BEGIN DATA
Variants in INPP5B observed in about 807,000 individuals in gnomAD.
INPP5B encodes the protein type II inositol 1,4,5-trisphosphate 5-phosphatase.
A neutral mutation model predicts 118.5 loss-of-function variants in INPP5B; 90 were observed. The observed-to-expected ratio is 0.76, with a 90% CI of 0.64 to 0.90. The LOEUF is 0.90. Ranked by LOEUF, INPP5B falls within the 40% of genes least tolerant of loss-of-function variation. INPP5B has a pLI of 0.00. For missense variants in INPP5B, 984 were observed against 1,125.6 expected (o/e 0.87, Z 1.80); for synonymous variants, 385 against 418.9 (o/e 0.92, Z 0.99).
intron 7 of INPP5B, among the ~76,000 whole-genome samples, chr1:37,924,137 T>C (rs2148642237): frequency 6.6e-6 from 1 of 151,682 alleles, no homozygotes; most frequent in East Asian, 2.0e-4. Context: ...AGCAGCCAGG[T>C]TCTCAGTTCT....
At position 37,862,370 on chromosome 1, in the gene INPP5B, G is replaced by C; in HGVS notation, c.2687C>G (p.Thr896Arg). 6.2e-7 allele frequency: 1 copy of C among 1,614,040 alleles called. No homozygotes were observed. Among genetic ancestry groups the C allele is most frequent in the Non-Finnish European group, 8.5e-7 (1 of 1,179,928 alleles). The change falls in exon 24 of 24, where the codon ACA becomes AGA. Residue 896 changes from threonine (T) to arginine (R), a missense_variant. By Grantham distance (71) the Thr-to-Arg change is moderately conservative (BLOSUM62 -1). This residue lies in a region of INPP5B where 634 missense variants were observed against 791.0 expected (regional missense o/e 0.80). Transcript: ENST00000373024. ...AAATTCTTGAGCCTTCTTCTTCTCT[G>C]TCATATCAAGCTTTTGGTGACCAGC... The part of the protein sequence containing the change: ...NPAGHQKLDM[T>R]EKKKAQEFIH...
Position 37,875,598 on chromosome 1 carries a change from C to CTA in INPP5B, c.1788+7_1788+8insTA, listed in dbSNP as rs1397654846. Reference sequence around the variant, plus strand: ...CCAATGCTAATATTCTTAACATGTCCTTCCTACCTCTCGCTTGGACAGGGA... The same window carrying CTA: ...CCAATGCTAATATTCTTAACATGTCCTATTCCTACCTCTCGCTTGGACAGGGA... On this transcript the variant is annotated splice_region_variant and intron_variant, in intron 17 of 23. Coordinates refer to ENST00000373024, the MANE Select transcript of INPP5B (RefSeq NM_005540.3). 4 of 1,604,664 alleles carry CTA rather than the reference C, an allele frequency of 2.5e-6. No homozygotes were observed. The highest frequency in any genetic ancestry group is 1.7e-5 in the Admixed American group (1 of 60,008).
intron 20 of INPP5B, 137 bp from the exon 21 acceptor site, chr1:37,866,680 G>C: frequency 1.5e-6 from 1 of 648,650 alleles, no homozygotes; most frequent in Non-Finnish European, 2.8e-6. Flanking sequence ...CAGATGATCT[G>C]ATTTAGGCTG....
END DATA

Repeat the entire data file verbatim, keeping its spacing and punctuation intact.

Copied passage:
Variants in INPP5B observed in about 807,000 individuals in gnomAD.
INPP5B encodes the protein type II inositol 1,4,5-trisphosphate 5-phosphatase.
A neutral mutation model predicts 118.5 loss-of-function variants in INPP5B; 90 were observed. The observed-to-expected ratio is 0.76, with a 90% CI of 0.64 to 0.90. The LOEUF is 0.90. Ranked by LOEUF, INPP5B falls within the 40% of genes least tolerant of loss-of-function variation. INPP5B has a pLI of 0.00. For missense variants in INPP5B, 984 were observed against 1,125.6 expected (o/e 0.87, Z 1.80); for synonymous variants, 385 against 418.9 (o/e 0.92, Z 0.99).
intron 7 of INPP5B, among the ~76,000 whole-genome samples, chr1:37,924,137 T>C (rs2148642237): frequency 6.6e-6 from 1 of 151,682 alleles, no homozygotes; most frequent in East Asian, 2.0e-4. Context: ...AGCAGCCAGG[T>C]TCTCAGTTCT....
At position 37,862,370 on chromosome 1, in the gene INPP5B, G is replaced by C; in HGVS notation, c.2687C>G (p.Thr896Arg). 6.2e-7 allele frequency: 1 copy of C among 1,614,040 alleles called. No homozygotes were observed. Among genetic ancestry groups the C allele is most frequent in the Non-Finnish European group, 8.5e-7 (1 of 1,179,928 alleles). The change falls in exon 24 of 24, where the codon ACA becomes AGA. Residue 896 changes from threonine (T) to arginine (R), a missense_variant. By Grantham distance (71) the Thr-to-Arg change is moderately conservative (BLOSUM62 -1). This residue lies in a region of INPP5B where 634 missense variants were observed against 791.0 expected (regional missense o/e 0.80). Transcript: ENST00000373024. ...AAATTCTTGAGCCTTCTTCTTCTCT[G>C]TCATATCAAGCTTTTGGTGACCAGC... The part of the protein sequence containing the change: ...NPAGHQKLDM[T>R]EKKKAQEFIH...
Position 37,875,598 on chromosome 1 carries a change from C to CTA in INPP5B, c.1788+7_1788+8insTA, listed in dbSNP as rs1397654846. Reference sequence around the variant, plus strand: ...CCAATGCTAATATTCTTAACATGTCCTTCCTACCTCTCGCTTGGACAGGGA... The same window carrying CTA: ...CCAATGCTAATATTCTTAACATGTCCTATTCCTACCTCTCGCTTGGACAGGGA... On this transcript the variant is annotated splice_region_variant and intron_variant, in intron 17 of 23. Coordinates refer to ENST00000373024, the MANE Select transcript of INPP5B (RefSeq NM_005540.3). 4 of 1,604,664 alleles carry CTA rather than the reference C, an allele frequency of 2.5e-6. No homozygotes were observed. The highest frequency in any genetic ancestry group is 1.7e-5 in the Admixed American group (1 of 60,008).
intron 20 of INPP5B, 137 bp from the exon 21 acceptor site, chr1:37,866,680 G>C: frequency 1.5e-6 from 1 of 648,650 alleles, no homozygotes; most frequent in Non-Finnish European, 2.8e-6. Flanking sequence ...CAGATGATCT[G>C]ATTTAGGCTG....